Additional optional sensors include pH and a pressure-temperature fluorometer. The instrument is no longer in production, but is supported (repair and calibration) by General Oceanics.


These specification apply to the MK3C version.

Pressure Temperature Conductivity

6500 m

3200 m (optional)

-3 to 32°C 1 to 6.5 S cm-1

0.0015% FS

0.03% FS < 1 msec


0.003°C < 30 msec

0.0001 S cm-1

0.0003 S cm-1 < 30 msec

Further details can be found in the specification sheet.

RRS Discovery Cruise 138 CTD Data Documentation


This document covers the CTD data collected on RRS Discovery Cruise 138 (June - July 1983) by the Institute of Oceanographic Sciences (Deacon Laboratory) Godalming, Surrey, UK., under the direction of P. M. Saunders.


The instrument used was a Neil Brown Instrument Systems CTD which measured pressure, temperature and conductivity and was fitted with a Beckman dissolved oxygen electrode. The CTD was used alongside a General Oceanics Rosette Multisampler with 12 water bottles, a 10kHz pinger, a bottom echo-sounder and a Sea-Tech transmissometer.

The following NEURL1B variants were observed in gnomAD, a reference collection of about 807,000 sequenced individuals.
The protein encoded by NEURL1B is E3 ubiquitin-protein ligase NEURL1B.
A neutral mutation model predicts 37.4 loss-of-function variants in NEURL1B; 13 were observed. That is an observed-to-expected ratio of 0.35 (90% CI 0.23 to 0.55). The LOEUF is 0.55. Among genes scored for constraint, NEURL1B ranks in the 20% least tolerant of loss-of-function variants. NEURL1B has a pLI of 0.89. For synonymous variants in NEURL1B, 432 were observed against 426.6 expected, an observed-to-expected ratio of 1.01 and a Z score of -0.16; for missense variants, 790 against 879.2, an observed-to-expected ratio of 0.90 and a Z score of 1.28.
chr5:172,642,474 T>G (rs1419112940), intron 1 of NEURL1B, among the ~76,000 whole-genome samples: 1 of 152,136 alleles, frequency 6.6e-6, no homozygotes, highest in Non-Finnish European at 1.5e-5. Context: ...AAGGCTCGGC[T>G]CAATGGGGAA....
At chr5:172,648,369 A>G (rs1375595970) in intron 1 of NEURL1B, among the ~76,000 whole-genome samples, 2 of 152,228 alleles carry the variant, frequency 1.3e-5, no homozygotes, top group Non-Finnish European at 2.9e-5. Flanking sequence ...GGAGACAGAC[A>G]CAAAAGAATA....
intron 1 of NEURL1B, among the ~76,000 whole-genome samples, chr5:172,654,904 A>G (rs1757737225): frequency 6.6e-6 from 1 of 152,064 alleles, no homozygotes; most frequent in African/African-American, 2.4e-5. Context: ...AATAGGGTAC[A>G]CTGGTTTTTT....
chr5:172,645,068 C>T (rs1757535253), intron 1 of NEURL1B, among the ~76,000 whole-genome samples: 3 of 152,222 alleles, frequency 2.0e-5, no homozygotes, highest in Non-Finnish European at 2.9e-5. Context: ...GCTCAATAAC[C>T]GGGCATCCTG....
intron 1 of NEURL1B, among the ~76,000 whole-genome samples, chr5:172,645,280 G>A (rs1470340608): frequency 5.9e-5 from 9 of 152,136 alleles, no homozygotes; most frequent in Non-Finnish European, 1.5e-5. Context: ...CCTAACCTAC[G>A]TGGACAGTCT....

Sampling Protocol

Lowering and retrieval rates of 0.5 to 1.5 m/s were employed and the sensors were flushed with distilled water on recovery. Bottle samples and reversing thermometer measurements were made on ascent and the sea water samples were analysed using a Guildline Autolab salinometer. Reversing thermometers were calibrated before and after the cruise.



The calibration equation based on laboratory measurements was taken to be:

P = 0.1 * PRAW - 10.0

Differences between the pressure measured by the CTD and by pairs of reversing thermometers are shown in the table below.


The calibration equation used was:

T = 0.00049943*TRAW+0.027

A comparison between CTD temperatures and reversing thermometers is given in the table below.